- Our daily dying with Christ for others leads to honor
Look at the end of verse 26, “If anyone serves me, the Father will honor him.”
Just like today, the people of Jesus’ day struggled with their reputations. Look over at verse 42, “many even of the authorities believed in him, but for fear of the Pharisees they did not confess it, so that they would not be put out of the synagogue; for they loved the glory that comes from man more than the glory that comes from God. Flip over to John 14:23, “Jesus answered them, ‘If anyone loves me, he will keep my word, and my Father will love him, and we will come to him and make our home with him.”
A choice lies in front of you. You can choose to protect your life and your reputation and your status. You can want to meet with Jesus but refuse to serve, follow, and be with Jesus. If you seek glory and life from people, then you will receive all the glory and life people are able to give. Or you can choose to sacrifice your life and your reputation and your status. You can serve him, follow him, and be with him. If you seek glory and life from Jesus, then you will receive death plus all the glory and life Jesus is able to give. Jesus holds out to us the promise of eternal life.
The reality we must struggle with today is
- Life is found only through self-sacrifice
You are that grain of wheat. If you protect yourself then ultimately you will lose yourself. This is a paradox: to protect yourself is to perpetually press the self-destruct button. If you are practicing self-preservation and get into a relationship, then you can never be truly or fully you. Self-preservation means you cover your weaknesses and make excuses for your sins. Whether we are talking about God or others, if your relationship is built on spin, you will be found out and cast out. The loss we fear eventually comes when we hold back our true selves. God calls us to honesty, to repentance and faith. Listen, if you hold back your true self, you will be a bitter grain of wheat left all alone. You will be safe, but your life will be empty, fruitless, and ultimately a loss.
To love is to protect and lose. To hate is to sacrifice and gain; the grain is multiplied. Think with me about the reality that life is found only through self-sacrifice. Let’s celebrate all that Jesus has done and all that Jesus is doing. Without Jesus we will never be able to reject a life of self-preservation and embrace a life of self-sacrifice.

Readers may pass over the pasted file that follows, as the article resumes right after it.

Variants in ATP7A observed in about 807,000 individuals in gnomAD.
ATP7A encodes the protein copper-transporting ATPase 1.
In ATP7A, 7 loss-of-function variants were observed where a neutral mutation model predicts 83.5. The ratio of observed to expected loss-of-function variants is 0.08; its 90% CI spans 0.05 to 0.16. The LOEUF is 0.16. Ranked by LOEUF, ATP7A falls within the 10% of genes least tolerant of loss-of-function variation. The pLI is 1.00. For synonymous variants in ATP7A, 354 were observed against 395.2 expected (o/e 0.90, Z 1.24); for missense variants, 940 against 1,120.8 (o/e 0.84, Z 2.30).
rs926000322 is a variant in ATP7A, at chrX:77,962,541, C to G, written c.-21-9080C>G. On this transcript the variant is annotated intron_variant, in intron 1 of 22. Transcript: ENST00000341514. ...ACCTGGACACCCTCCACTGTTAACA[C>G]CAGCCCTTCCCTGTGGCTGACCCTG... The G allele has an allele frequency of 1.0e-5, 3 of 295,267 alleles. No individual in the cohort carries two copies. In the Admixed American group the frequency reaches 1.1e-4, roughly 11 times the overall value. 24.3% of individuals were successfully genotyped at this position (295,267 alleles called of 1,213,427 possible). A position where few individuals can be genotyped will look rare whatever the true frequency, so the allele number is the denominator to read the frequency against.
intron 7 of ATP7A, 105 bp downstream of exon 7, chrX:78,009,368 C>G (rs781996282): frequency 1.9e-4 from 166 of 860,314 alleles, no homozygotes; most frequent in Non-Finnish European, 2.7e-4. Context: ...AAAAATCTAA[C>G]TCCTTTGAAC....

First of all, Jesus proves that the single grain dying will produce a great harvest. Jesus proves this way of life. Listen to Revelation 7:9, “After this I looked, and behold, a great multitude that no one could number, from every nation, from all tribes and peoples and languages, standing before the throne and before the Lamb, clothed in white robes, with palm branches in their hands, and crying out with a loud voice, ‘Salvation belongs to our God who sits on the throne, and to the Lamb!’” Ha! It works, if the grain falls into the earth and dies it bears much fruit!
Second, Jesus empowers joyful self-sacrifice in us. The fruit Jesus bears is the multiplication of his life in us. The call to Christ is the call to draw life from him. To think like a Christian is to start with repentance, we need to see and turn away from our selfish demands. Do you see where you are looking to others and demanding, “Give to me, affirm me, sacrifice for me, and do I want”? The selfish person runs from relationship to relationship or job to job or church to church trying to find life but only bringing destruction. Stop and look behind you. What is in your wake? If your past is marked by burned bridges instead of built bridges then you have a problem. Repent of selfish self-preservation, demanding your will be done, then believe in Jesus for the forgiveness of your sin. Jesus’ death for you is more than sufficient for all the gasoline and matches you’ve spewed out.
So, the Christian is marked by repenting, believing, and following. To serve Jesus, is to follow Jesus, is to be where Jesus is. We are heading to heaven and the new earth with Jesus. We are heading to Jesus by way of the cross. This means the best thing for my family, marriage, and this church is the death of my selfish self. Selfish self-protecting Paul will do only harm. What is needed is death and new birth. My family, marriage, and this church need a self-giving Paul. The best thing for your family, your neighbors, and your coworkers is the death of selfish-you and the birth of giving-you. This is not physical suicide; it is crucifixion by faith.
You are a grain of wheat. If you refuse to die to your self you will remain alone. But if you will look back those 2000 years to Jesus’ crucifixion and resurrection you will live. Jesus’ resurrection proves he has life enough for you. But are you willing to stop trying to be the center of your universe? Are you willing to confess all the ways your selfishness has brought destruction to yourself and to your family? Repent of your sin, put your faith in Jesus, and you will live. Through the death of your selfish-self and through the resurrection life of Jesus you can bear much fruit.